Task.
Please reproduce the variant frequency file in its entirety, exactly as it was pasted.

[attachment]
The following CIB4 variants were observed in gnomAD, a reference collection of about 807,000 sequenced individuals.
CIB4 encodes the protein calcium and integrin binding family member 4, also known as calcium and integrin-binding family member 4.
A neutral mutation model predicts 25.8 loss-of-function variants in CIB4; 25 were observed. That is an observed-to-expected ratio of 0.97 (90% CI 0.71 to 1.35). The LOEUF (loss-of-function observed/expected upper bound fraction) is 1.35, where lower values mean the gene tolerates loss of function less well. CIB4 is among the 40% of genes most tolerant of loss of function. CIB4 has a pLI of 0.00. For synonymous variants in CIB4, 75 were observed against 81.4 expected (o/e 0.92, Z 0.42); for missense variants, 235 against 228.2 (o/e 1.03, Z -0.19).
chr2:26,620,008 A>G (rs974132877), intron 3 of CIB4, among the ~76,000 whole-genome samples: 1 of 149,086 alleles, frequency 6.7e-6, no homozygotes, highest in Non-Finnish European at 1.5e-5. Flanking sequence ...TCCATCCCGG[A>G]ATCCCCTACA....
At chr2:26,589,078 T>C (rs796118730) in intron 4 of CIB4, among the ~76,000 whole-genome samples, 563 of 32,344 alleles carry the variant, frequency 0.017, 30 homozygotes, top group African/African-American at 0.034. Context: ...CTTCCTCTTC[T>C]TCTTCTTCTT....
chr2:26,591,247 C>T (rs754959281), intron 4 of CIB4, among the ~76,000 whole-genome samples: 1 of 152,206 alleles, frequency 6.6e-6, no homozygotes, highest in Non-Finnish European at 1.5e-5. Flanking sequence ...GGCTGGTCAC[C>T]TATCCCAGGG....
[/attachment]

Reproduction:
The following CIB4 variants were observed in gnomAD, a reference collection of about 807,000 sequenced individuals.
CIB4 encodes the protein calcium and integrin binding family member 4, also known as calcium and integrin-binding family member 4.
A neutral mutation model predicts 25.8 loss-of-function variants in CIB4; 25 were observed. That is an observed-to-expected ratio of 0.97 (90% CI 0.71 to 1.35). The LOEUF (loss-of-function observed/expected upper bound fraction) is 1.35, where lower values mean the gene tolerates loss of function less well. CIB4 is among the 40% of genes most tolerant of loss of function. CIB4 has a pLI of 0.00. For synonymous variants in CIB4, 75 were observed against 81.4 expected (o/e 0.92, Z 0.42); for missense variants, 235 against 228.2 (o/e 1.03, Z -0.19).
chr2:26,620,008 A>G (rs974132877), intron 3 of CIB4, among the ~76,000 whole-genome samples: 1 of 149,086 alleles, frequency 6.7e-6, no homozygotes, highest in Non-Finnish European at 1.5e-5. Flanking sequence ...TCCATCCCGG[A>G]ATCCCCTACA....
At chr2:26,589,078 T>C (rs796118730) in intron 4 of CIB4, among the ~76,000 whole-genome samples, 563 of 32,344 alleles carry the variant, frequency 0.017, 30 homozygotes, top group African/African-American at 0.034. Context: ...CTTCCTCTTC[T>C]TCTTCTTCTT....
chr2:26,591,247 C>T (rs754959281), intron 4 of CIB4, among the ~76,000 whole-genome samples: 1 of 152,206 alleles, frequency 6.6e-6, no homozygotes, highest in Non-Finnish European at 1.5e-5. Flanking sequence ...GGCTGGTCAC[C>T]TATCCCAGGG....